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I am a big fan of Flask - in part because it is simple and in part because has a lot of extensions. However, Flask is meant to be used in a WSGI environment, and WSGI is not a non-blocking, so (I believe) it doesn't scale as well as Tornado for certain kinds of applications.

Since each one has an URL dispatcher which will call a function, and both will use Python files (in Django you dont launch the python file but in flask or tornado you do) do does it make sense to have two seperate parts to your website - one part running the non-blocking jobs with Tornado, and the other part written with Flask?

If this is a good idea, how would you go about sharing cookies / sessions between Flask and Tornado? Will I run into issues, since Flask will use it own system and Tornado will use its own system?

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@TimMcNamara i dont know why i fall in love with flask! it's the framework that when i begin to write my first tutorial, it WORKED! i got 2 months to understand the first step to django just because i thought django is python, and python is run a file and see....and it is not the case of how to launch django projects ;) – abdel Nov 15 '11 at 21:28
I updated your question a bit - let me know if I didn't get it quite right :-) – Sean Vieira Nov 15 '11 at 22:45
flawless, thank you :) now it's more professional :D – abdel Nov 16 '11 at 9:13
up vote 69 down vote accepted

i think i got 50% of the solution, the cookies are not tested yet, but now i can load Flask application using Tornado, and mixing Tornado + Flask together :)

first here is the file where the flask application is:

from flask import Flask
app = Flask(__name__)

def hello_world():
  return 'This comes from Flask ^_^'

and then the the file which will load the flask application and the tornado server + a simple tornado application, hope there is no module called "cyclone" ^_^

from tornado.wsgi import WSGIContainer
from tornado.ioloop import IOLoop
from tornado.web import FallbackHandler, RequestHandler, Application
from flasky import app

class MainHandler(RequestHandler):
  def get(self):
    self.write("This message comes from Tornado ^_^")

tr = WSGIContainer(app)

application = Application([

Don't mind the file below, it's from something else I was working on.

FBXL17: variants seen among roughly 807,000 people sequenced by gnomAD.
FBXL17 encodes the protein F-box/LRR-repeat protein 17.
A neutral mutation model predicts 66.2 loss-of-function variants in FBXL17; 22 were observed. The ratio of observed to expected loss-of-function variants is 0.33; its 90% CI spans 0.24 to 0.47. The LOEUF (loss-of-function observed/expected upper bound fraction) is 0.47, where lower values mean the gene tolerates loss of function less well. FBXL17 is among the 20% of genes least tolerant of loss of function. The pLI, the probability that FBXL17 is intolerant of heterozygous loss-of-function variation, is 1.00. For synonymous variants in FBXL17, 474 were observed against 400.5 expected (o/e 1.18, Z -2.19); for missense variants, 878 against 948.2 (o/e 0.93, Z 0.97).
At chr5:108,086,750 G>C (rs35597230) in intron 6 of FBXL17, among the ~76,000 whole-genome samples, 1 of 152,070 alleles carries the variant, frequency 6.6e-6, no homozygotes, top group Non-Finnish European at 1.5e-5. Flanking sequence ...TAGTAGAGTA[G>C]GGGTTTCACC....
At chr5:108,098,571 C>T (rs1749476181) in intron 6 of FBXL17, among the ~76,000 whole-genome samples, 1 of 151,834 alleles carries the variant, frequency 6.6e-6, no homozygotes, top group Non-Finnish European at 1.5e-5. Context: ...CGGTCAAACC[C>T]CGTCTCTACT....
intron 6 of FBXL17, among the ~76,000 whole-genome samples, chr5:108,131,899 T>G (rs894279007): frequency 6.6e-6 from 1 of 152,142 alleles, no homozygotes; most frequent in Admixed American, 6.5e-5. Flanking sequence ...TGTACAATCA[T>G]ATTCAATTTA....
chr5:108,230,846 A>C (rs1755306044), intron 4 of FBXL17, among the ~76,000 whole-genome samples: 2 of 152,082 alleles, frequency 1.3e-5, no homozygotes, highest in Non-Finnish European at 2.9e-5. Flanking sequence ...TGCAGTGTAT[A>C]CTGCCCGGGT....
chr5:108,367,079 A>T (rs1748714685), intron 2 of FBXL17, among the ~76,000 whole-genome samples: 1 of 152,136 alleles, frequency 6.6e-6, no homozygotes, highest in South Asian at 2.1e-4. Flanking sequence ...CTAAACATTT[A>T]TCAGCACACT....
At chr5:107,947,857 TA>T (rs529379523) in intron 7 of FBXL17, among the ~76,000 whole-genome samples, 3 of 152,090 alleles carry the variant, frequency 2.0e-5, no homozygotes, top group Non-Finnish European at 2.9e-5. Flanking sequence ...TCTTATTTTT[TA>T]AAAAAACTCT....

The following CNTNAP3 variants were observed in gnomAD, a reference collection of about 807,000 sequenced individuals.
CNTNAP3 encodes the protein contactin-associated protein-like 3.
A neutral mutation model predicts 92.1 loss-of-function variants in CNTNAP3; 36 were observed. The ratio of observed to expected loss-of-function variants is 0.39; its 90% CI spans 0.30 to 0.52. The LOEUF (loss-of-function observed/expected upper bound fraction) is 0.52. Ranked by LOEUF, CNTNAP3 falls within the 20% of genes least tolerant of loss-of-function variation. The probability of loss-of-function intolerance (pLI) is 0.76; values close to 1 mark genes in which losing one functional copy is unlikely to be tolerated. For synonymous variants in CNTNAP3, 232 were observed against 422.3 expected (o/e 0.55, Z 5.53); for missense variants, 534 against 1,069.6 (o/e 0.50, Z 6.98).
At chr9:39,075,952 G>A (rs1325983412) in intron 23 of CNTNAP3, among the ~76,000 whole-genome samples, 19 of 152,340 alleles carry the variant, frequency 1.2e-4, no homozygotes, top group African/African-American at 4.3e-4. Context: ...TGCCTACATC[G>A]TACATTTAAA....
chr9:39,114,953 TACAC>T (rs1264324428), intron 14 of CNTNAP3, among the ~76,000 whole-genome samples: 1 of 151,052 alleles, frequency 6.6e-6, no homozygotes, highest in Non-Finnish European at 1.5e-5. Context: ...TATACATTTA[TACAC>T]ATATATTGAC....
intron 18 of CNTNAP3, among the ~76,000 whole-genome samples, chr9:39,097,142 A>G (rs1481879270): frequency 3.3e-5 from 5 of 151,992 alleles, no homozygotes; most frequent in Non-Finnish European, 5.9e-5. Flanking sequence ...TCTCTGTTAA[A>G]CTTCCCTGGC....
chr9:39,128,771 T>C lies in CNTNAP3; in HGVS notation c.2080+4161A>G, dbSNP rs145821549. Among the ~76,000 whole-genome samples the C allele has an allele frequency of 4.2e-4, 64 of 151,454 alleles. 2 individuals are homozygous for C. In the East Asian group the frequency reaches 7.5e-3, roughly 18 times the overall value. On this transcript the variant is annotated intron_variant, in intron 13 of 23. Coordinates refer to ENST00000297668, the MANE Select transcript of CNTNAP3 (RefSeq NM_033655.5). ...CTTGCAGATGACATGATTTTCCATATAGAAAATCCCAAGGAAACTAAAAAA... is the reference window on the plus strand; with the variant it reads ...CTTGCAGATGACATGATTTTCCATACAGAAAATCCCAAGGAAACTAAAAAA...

(r"/tornado", MainHandler),
(r".*", FallbackHandler, dict(fallback=tr)),

if __name__ == "__main__":

hope this will help someone that wants to mix them :)

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How would you add the async methods within Tornado? Could you use the async on flask routes? – Merlin Sep 4 '12 at 19:01
I get that Flask is a microframework. But isn't Tornado a micro framework in much the same way - but has a robust http server within it. Say you didn't need to concern yourself with the potential swapping of the WSGI "container", why not just develop with what Tornado has to offer? – Jason Oct 27 '12 at 18:40
Flask is good due to its extensions, everything has an extension on Flask, so no need to reinvent the wheel. @Merlin i think it will not be an easy way, Flask uses WSGI and WSGI is not asynchronous. – Abdelouahab Pp Nov 4 '12 at 14:02
Is this actually viable? Did you end up using this, or just using Tornado? – Mittenchops Apr 7 '14 at 20:08
@AbdelouahabPp, although Flask uses WSGI and WSGI is not async, however, tornado can accept connections async and then we each request can run in a different thread(i am not sure), then we can have the async tornado instead use Gunicorn with sync worker class just like Apache pre-fork module. – andy Oct 15 '15 at 3:48

Based on 1 and 2, the combined and shorter answer is

from flask import Flask
app = Flask(__name__)

def hello():
    return "Hello World!"

if __name__ == "__main__":

    from tornado.wsgi import WSGIContainer
    from tornado.httpserver import HTTPServer
    from tornado.ioloop import IOLoop

    http_server = HTTPServer(WSGIContainer(app))

Please consider the warning about performance that has been mentioned on 2 , 3

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